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We’ve extended our walk-in hours from two hours to four hours per day between March 27th through April 27th, Monday – Thursday.
We’ve also added a calendar listing the type of help you can expect during walk-in hours as well as some of the other activities in the DSSC such as the Open Labs or workshops.
The new hours are as follows, although best to consult the calendar in case of changes. Outside of these hours, you can always request a one-on-one consultation with one of our staff.
Monday 12pm – 4pm: help with R, Stata, SPSS and SAS
Tuesday 12pm – 4pm: help with GIS
Wednesday 12:30pm – 4:30pm: help with R, Stata, SPSS and SAS
Thursday 12pm – 4pm: help with GIS
Come join us for the launch of Map Club with five fast-paced hack sessions geared toward the rapid acquisition of skills in geospatial technology held in the Lehman Library, room 215.
Led by DSSC Spatial Research Intern, Emily Fuhrman, each session provides an informal and fun opportunity for the exploration of a web-based library or framework. Sessions will be loosely divided into three phases: background and setup, self-paced making, and sharing.
All sessions are 2-4pm.
7/12 → Interactive Mapping with CartoDB.js [RSVP]
7/19 → Interactive Mapping with Kartograph [RSVP]
7/26 → GIS Data Processing with QGIS [RSVP]
8/2 → Interactive Mapping with Mapzen [RSVP]
8/9 → Geographic Projections with D3.js [RSVP]
Don’t miss the Digital Centers Intern Showcase on May 5 from 12pm – 2pm in the Studio@Butler!
This program, held every year, is the chance to see the fruits of the labors of the interns in the Digital Centers Internship Program (bit.ly/digital_intern).
Our interns will share their projects and answer questions about their work and their experiences collaborating with the staff of the Libraries. We at the Digital Centers are very proud of the work that our interns do, and we are excited to share all of their accomplishments with you.
Comparing Census data from one decade the next can be difficult since boundaries and variables can change. Trying to figure out those differences can be time consuming and sometimes frustrating. To help make this easier, NHGIS recently released 65 time series tables standardizing 2000 & 2010 100% count variables to the 2010 Census boundaries for ten geographic levels including tracts, block groups and 5 digit zip code tabulation areas (ZCTAs).
The tables are marked with a TS from within the Topic filter
Available standardized tables are listed in the Time Series Tables tab, and labeled Standardized to 2010 under the Geographic Integration column.
More information on time tables produced by the NHGIS can be found in the Data Documentation section, including both the geographically standardized tables as well as nominally integrated tables. The page includes methodology, and a PDF containing the complete list of variables within the time series datasets.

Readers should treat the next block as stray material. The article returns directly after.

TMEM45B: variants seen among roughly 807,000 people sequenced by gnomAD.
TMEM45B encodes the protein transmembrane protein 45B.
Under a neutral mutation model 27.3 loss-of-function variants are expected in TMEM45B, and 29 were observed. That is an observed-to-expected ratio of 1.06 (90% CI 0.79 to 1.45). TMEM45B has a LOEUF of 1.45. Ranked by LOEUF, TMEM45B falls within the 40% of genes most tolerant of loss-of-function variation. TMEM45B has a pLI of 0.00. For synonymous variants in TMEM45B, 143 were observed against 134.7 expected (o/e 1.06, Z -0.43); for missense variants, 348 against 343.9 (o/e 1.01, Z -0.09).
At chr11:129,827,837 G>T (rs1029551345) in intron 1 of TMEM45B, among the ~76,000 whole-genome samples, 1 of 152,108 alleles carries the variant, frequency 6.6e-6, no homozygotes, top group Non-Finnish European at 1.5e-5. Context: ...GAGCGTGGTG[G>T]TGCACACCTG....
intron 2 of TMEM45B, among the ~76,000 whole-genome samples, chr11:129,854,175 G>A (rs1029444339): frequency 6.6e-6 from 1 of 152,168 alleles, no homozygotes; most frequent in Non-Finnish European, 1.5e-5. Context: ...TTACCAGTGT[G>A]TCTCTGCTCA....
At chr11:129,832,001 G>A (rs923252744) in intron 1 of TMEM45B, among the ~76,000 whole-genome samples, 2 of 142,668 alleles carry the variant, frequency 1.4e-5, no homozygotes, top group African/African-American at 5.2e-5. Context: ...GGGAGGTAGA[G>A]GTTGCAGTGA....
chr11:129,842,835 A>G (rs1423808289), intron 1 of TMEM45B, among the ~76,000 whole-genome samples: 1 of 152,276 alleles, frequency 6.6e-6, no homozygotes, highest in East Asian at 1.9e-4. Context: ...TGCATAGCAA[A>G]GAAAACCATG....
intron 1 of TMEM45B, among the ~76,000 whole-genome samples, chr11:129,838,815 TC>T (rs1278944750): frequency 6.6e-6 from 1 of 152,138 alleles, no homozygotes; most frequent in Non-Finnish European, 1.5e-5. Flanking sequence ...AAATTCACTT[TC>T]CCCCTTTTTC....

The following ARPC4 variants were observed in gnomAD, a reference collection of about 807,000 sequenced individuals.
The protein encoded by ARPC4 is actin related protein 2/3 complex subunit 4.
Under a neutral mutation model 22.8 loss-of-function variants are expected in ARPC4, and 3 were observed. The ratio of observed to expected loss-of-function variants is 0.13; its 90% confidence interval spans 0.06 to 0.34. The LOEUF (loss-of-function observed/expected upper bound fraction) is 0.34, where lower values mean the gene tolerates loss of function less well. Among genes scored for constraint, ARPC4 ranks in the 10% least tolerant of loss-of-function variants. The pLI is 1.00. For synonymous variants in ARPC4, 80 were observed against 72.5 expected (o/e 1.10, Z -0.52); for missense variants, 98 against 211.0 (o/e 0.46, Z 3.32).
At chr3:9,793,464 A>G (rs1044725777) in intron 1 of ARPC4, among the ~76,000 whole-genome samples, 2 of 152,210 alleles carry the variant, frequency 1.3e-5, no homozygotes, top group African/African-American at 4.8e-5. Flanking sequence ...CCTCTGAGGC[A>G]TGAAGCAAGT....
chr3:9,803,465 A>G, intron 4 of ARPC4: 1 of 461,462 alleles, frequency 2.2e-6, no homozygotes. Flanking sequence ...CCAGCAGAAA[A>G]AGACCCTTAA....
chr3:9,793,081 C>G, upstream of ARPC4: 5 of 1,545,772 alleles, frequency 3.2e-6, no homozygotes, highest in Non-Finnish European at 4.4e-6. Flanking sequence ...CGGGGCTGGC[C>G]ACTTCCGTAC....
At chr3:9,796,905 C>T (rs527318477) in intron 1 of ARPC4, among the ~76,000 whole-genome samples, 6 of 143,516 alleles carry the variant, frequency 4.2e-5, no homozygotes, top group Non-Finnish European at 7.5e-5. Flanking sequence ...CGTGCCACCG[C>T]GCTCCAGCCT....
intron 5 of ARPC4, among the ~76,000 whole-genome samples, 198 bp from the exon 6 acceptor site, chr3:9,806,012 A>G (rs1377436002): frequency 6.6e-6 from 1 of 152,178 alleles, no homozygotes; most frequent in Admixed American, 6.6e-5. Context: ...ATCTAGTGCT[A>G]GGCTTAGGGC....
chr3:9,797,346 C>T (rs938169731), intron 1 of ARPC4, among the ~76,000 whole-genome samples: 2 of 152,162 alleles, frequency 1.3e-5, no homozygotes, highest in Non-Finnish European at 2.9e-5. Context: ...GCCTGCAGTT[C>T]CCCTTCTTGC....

On May 7th in the Studio@Butler, there’s an event happening for a good part of the day from 10-3 updating tasks on the OSM Tasking Manager. You don’t need any mapping experience at all, just need to bring a laptop to contribute.
NYC Dept of City Planning offers a few options for geocoding including a stand alone application called Geosupport, which personally, I don’t find the easiest to use, and a Geoclient API. But for geocoding in ArcGIS quickly, or if you have hundreds of thousands, or even millions of addresses I find LION to be the best option. The only problem, as of release 12C, the geodatabase no longer includes the locators for borough & zip. The current version is 15A,
We’ve taken the old locators from 12C and imported them into the latest version which seems to work pretty well. This is available on the spatial data on the internet page, and we generally update this with each new release.
We’re upgrading the back end to the data catalog right now and expect to have it back up and running by early next week.
If you need assistance finding spatial data while the catalog is down, please contact us at email@example.com
Click for interactive map
There are so many places to get Census boundaries, but often for NYC, the layers from NYC Dept of City Planning BYTES of the Big Apple are the most detailed.
However, these boundaries do not contain fields to join with some of the more popular sources for Census variables, either for the the 2010 Decennial Census or the American Community Survey 5-year estimates.
It doesn’t take too much time to create the various fields, and as you can see in the examples, these are very similar with just a couple minor variations. The boundaries are available in the data catalog.
NYC Planning uses a seven character ID identifying tracts, the first digit is the borough ID and the remaining six are the Census Bureau defined tract ID which is good if joining to the tables created by NYC Planning only.
The Census Bureau uses an 11 character ID for joining with data from the Census Bureau American FactFinder or Social Explorer
NHGIS uses a 14 character ID
Infoshare uses a 10 character ID
The 2010 Tract boundaries can be joined with data from
- The 2010 Decennial Census
- American Community Survey (ACS) 5-yr estimates
(except ’05-’09 which uses the 2000 boundaries!)